What Is Tinnitus and How Can It Be Treated?

Tinnitus is the feeling of hearing noises which sound as though they are coming from within the ear, rather than being caused by any external source. Commonly described as a ringing, humming, or buzzing. Often Tinnitus gets better on its own, but this will depend upon what has caused it. Where Tinnitus has become a long-term concern, there are a number of treatments and Tinnitus management options. 

What Is Tinnitus and How Can It Be Treated?
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What is Tinnitus and How is it Caused 

Tinnitus is not a disease nor an illness, in fact it is a symptom which can be linked to a number of conditions. 

There is not a definitive cause of Tinnitus and in some cases this never clear. It has often been linked to the following: 

Hearing loss 

Ménière's disease

Anxiety and/or Depression 

As a side effect of certain side effects 

As a result of particular conditions, like diabetes or multiple sclerosis

Although Tinnitus is not considered serious, it can be very irritating and uncomfortable to live with. Often affecting daily activities and sleep patterns. Which is why many people will seek some sort of treatment or management technique to reduce the sounds and sensations within their ear. 

Who experiences Tinnitus? 

Tinnitus is actually quite common, with reports of this amongst all age groups. Around 30% of people will experience Tinnitus at some point in their lives. Reports of persistent Tinnitus are found in around 1 in 8 people. This is much more likely to affect those who have hearing loss and other hearing or ear-related conditions. 

Studies into the occurrence of tinnitus have also found that those who work in particular industries are much more likely to experience Tinnitus. With Tinnitus being particularly prevalent amongst musicians and those working within the music and entertainment industry. Thanks to an increase in exposure to higher rates and volumes noise, hearing loss is prevalent within the music industry – causing symptoms of Tinnitus. Audiologists, like the Audiologist Santa Monica, LA, will typically recommend hearing protection of some kind to help prevent gradual hearing loss and tinnitus for those frequently exposed to loud noises. Their expertise can provide personalized solutions to protect your hearing health in high-noise environments.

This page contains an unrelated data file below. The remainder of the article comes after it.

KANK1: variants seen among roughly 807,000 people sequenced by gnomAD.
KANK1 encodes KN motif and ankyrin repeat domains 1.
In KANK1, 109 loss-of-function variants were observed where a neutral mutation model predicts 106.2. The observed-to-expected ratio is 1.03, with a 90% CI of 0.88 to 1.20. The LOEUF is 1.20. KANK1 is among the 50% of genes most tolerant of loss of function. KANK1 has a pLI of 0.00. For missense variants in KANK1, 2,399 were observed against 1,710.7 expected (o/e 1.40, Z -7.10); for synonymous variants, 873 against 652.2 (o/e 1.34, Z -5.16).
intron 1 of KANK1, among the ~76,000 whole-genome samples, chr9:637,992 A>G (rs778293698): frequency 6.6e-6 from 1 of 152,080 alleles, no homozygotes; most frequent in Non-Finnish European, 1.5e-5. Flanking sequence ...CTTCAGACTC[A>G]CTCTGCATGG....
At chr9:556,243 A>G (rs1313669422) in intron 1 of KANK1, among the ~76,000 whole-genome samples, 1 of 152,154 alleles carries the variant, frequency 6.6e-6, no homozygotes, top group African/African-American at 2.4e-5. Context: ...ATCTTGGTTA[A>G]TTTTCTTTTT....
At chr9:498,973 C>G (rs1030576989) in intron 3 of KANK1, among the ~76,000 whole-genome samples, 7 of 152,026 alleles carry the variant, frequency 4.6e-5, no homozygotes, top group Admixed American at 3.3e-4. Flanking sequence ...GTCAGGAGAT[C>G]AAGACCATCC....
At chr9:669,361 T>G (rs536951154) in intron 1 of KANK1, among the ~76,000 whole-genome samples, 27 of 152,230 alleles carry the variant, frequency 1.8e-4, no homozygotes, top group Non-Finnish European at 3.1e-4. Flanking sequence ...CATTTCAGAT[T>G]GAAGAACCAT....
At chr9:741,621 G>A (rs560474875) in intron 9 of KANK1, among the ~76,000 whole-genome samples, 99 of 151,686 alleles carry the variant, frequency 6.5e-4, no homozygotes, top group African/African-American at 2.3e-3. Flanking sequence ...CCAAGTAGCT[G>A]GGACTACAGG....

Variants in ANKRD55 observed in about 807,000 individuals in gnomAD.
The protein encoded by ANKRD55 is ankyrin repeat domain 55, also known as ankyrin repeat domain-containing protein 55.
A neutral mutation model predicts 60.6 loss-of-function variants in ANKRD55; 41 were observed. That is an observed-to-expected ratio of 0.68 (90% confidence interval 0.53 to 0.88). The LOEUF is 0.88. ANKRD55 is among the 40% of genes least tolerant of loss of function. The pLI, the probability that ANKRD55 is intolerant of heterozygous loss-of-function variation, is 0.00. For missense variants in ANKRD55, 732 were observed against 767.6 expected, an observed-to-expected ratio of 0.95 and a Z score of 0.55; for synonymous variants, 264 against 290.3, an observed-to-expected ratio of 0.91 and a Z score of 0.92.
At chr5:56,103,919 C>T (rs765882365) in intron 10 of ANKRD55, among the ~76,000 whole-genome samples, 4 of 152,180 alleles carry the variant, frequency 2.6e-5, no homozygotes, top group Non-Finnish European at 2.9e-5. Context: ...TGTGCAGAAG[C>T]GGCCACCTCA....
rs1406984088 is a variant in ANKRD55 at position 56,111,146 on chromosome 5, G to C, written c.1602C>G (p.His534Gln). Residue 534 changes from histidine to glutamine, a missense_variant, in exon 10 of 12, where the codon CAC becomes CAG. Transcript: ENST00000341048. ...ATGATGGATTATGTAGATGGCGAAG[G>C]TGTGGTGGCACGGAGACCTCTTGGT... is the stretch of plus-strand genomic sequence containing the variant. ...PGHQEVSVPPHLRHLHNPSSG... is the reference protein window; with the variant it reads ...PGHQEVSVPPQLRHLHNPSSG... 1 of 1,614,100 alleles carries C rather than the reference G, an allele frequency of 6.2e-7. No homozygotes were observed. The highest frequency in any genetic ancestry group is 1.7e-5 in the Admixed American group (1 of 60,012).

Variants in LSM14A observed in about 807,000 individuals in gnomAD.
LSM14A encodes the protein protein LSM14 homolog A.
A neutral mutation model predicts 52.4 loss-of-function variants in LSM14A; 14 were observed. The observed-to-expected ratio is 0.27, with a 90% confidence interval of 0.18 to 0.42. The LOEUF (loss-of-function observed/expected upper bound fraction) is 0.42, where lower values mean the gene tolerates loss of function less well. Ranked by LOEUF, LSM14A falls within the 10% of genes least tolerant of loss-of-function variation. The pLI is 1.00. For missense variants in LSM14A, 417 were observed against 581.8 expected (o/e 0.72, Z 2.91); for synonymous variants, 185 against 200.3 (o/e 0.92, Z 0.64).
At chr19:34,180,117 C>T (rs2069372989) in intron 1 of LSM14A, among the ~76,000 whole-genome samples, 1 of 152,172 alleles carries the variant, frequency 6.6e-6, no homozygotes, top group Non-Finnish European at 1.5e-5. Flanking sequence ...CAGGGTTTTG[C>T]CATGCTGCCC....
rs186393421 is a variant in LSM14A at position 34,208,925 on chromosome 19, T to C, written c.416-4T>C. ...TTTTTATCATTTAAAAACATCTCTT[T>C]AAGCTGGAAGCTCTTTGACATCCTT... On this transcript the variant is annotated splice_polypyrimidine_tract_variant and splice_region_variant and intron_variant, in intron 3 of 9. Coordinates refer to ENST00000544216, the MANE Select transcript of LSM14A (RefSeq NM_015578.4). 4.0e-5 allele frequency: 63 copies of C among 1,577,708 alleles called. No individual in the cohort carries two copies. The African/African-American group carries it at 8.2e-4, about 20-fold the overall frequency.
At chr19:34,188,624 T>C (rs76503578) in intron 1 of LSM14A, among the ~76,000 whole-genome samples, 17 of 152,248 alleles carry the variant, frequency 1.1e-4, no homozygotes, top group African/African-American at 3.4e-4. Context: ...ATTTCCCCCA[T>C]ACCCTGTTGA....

Types of Tinnitus 

Pulsatile Tinnitus 

Pulsatile tinnitus has been described as hearing a noise which has the same beat and rate as that of the heart. This is often determined by feeling for the pulse at the same time whilst tuning into the tinnitus. This type of tinnitus is caused by a changed in blood flow within the vessels near the ear. Although this can occasionally go away on its own, it may also be an indicator of another underlying condition, such as high blood pressure. It is therefore important to speak with your doctor who can carry out a medical examination. 

Musical hallucination (musical tinnitus)

Musical hallucination or musical tinnitus is a type of tinnitus where music is heard despite none being played. Typically, tinnitus is hearing sounds like buzzing and ringing. Musical hallucination is much more complex. These sounds are often heard as short simple melodies which are found in songs and music the patient is familiar with. Usually these are songs, hymns or even carols which were prevalent in their youth. 

Musical tinnitus is much more common in women and particularly those who live alone, over the age of 60. It is also common in individuals who have epilepsy or Alzheimer’s disease. Although it may not be a cause for concern, it is important to mention this to your doctor if you do begin to experience this sensation. 

Treatments - Tinnitus Management 

Currently there is no drug to completely treat Tinnitus. However, psychology-based techniques are currently used to improve the symptoms and the quality of life of those who experience persistent tinnitus. This includes therapy such as cognitive behaviour therapy (CBT). Various methods include: 

Tinnitus Counselling – This is used to help patients understand their tinnitus and finding ways to cope with this. 

CBT – Often linked to anxiety and depression, CBT can be used to alter the way patients think about their tinnitus and addressing the anxiety which is often caused by this. 

Tinnitus Retraining Therapy – This method makes use of sound therapy to address the noises you are hearing and to train your brain to tune out these sounds. Helping to reduce the noises you are hearing. 

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